Heads Up Hold’em is dealt at six Las Vegas casinos. Jerry’s Nugget in North Las Vegas offers the game with a $2 minimum bet. That is an exceptional deal for players. Players can complete a hand to the end with maximum raise and only have $10 invested. Alternatively, there is a $5 minimum to play only the bonus bet.

Jerry’s Nugget is just north of downtown in North Las Vegas. Other Las Vegas Heads Up Hold’em tables have a $5 or $10 minimum bet.

Las Vegas Head Up Hold’em minimum bets

Heads Up Hold'em Galaxy

$2
  • Jerry’s Nugget
$5
  • Arizona Charlie’s Decatur
  • M Resort
  • The Strat
$10
  • Harrah’s
  • Tropicana

How to play Heads Up Hold’em

Heads Up Hold’em is best described as a variant of Ultimate Texas Hold’em. The rules are nearly the same between the two games. The two major differences are that a player may only raise three times before the flop in Heads Up Hold’em as opposed to four times in Ultimate Texas Hold’em, and that Heads Up Hold’em offers players a bad beat bonus in its place. This pays when the player loses with at least a straight. The losing hand can be the entire five-card board with the dealer using its hole cards to improve on it.

The hand starts with the player making an ante and a blind bet. These must be equal. Each player and the dealer are dealt two cards. Players have two options here. One is to check. The other is to raise three times the ante. A raise here ends action with cards placed in front of the bets.

Three cards are shown in the center of the table. This is the flop. Players may check or bet double the ante. If there is a bet here, the cards go in the center. The turn and river are shown. Players that checked the other two rounds must fold or bet an amount equal to the ante. A folded hand loses the blind and ante. Side bets stay in play and are graded on the community cards.

Once all players have acted, the house shows its two cards. If the dealer does not have a pair, the antes push because the dealer does not qualify. A pair can include community cards. If the house qualifies, the hand is compared with each player. The ante and raises are paid if the player beats the dealer. The house wins these bets if the dealer wins. A tie is a push.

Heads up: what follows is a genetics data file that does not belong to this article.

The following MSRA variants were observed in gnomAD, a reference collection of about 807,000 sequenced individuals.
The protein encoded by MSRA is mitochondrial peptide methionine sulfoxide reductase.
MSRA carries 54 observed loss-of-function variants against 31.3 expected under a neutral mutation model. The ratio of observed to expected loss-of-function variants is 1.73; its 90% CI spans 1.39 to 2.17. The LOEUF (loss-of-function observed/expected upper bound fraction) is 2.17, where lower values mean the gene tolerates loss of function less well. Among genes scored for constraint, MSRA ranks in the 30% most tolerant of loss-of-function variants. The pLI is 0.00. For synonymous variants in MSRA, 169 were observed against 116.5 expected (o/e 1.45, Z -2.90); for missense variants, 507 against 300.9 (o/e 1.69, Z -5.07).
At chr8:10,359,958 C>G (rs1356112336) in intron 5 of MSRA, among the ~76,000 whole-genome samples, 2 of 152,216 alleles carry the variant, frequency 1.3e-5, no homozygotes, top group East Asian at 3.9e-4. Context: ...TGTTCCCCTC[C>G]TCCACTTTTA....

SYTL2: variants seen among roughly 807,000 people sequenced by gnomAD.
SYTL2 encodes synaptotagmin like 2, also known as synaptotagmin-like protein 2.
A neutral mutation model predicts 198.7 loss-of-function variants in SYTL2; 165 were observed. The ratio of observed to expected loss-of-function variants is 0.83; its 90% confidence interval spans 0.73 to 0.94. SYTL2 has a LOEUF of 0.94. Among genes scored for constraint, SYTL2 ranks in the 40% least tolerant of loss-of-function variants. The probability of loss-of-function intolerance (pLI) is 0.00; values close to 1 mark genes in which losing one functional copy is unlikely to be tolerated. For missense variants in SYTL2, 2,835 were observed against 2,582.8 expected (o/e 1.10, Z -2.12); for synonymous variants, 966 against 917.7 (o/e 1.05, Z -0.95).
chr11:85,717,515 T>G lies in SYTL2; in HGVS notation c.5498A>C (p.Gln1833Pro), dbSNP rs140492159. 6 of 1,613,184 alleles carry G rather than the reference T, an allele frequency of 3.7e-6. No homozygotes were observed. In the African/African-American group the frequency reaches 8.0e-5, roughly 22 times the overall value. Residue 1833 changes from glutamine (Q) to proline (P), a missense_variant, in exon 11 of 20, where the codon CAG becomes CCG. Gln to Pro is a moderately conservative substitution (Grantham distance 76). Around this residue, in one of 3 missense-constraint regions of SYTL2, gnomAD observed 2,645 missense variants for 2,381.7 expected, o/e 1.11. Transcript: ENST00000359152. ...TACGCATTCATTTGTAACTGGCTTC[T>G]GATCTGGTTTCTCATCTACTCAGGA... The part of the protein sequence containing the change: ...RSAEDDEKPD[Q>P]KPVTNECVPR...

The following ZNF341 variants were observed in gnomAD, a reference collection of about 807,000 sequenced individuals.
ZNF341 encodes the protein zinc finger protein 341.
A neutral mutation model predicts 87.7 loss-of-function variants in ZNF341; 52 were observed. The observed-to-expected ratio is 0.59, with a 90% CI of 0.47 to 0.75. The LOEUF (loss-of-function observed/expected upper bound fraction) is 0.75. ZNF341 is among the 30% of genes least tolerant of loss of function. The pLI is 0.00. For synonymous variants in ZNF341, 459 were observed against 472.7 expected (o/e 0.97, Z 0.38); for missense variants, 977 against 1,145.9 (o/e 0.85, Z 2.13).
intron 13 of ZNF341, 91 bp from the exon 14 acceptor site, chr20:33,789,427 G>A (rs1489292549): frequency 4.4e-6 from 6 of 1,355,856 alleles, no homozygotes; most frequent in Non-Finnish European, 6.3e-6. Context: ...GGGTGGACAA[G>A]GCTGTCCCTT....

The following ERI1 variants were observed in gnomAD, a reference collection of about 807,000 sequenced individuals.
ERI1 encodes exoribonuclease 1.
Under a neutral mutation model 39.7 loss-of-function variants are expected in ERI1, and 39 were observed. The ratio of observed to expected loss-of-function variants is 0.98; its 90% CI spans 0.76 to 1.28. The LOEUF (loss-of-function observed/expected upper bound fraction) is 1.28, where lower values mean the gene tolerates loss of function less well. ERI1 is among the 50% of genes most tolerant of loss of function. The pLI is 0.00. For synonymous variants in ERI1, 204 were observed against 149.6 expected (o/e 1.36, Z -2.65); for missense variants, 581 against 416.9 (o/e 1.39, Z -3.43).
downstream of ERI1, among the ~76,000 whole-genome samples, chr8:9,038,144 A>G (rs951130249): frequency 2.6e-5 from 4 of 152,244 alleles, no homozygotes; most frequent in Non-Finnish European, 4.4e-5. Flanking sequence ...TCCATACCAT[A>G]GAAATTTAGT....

The blind loses with the ante but pushes on ties and most wins. The payouts per dollar bet are:

  • Royal flush: 500
  • Straight flush: 50
  • Four of a kind: 10
  • Full house: 1.5
  • Straight: 1

The bad beat bonus pays as follows when the player loses to the dealer. The hand may be on the board with the dealer using a single card to improve. For example, if the board has a flush, and the dealer has a card that makes a bigger flush than the board, the player wins the bad beat bonus. The amount shown is multiplied by the bet.

  • Straight flush: 500
  • Four of a kind: 25
  • Full house: 6
  • Flush: 5
  • Straight: 4

Las Vegas Heads Up Hold’em FAQ

Can I play Heads Up Hold’em in Las Vegas?

Yes. Six Las Vegas casinos deal it.

Heads Up Holdem Casino

What is the minimum bet for Heads Up Hold’em?

Jerry’s Nugget deals it for $2. Other casinos have it for $5 or $10.

What is the difference between Heads Up Hold’em and Ultimate Texas Hold’em?

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In Heads Up Hold’em, the preflop bet may only be three times the ante. There is a bad beat bonus that makes up for not being able to bet four times like in Ultimate Texas Hold’em.